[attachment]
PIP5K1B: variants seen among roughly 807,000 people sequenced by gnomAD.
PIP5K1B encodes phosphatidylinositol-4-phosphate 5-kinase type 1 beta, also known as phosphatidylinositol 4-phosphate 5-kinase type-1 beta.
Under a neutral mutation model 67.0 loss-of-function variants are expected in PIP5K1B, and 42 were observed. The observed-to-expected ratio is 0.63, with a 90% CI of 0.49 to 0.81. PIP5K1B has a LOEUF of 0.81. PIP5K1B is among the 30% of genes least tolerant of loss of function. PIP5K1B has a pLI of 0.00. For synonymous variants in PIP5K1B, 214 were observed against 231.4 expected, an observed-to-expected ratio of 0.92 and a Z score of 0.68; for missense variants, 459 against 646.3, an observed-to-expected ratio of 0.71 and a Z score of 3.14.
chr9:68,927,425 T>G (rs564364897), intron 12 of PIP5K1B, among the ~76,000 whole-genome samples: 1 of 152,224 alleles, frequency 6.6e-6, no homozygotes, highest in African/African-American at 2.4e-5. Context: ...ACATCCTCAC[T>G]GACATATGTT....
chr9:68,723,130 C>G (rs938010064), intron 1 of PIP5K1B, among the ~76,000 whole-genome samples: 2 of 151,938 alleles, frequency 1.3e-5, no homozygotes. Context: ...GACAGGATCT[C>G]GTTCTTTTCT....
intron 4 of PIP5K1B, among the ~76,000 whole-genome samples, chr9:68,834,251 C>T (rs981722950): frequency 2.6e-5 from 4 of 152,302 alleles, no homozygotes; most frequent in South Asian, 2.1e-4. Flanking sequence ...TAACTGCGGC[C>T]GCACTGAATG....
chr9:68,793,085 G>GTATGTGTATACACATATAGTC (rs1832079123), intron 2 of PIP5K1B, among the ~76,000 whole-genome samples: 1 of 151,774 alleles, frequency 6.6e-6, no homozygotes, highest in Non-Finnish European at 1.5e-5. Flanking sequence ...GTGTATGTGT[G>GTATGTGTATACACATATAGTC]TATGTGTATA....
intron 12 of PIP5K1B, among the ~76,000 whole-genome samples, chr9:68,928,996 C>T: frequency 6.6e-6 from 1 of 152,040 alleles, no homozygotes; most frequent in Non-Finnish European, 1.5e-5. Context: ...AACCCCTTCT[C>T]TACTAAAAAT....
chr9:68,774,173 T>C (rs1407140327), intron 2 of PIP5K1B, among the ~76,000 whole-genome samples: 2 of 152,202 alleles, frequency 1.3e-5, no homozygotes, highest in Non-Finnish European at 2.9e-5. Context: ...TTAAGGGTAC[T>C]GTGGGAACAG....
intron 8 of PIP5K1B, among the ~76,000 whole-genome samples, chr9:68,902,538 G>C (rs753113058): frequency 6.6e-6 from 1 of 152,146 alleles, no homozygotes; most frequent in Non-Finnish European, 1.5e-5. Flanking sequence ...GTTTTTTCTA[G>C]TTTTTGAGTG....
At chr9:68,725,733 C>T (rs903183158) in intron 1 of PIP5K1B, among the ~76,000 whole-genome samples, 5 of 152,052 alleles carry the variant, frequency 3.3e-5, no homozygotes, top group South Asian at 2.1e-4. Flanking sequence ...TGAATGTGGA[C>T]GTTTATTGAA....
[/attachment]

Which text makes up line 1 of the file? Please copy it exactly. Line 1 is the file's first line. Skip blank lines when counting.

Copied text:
PIP5K1B: variants seen among roughly 807,000 people sequenced by gnomAD.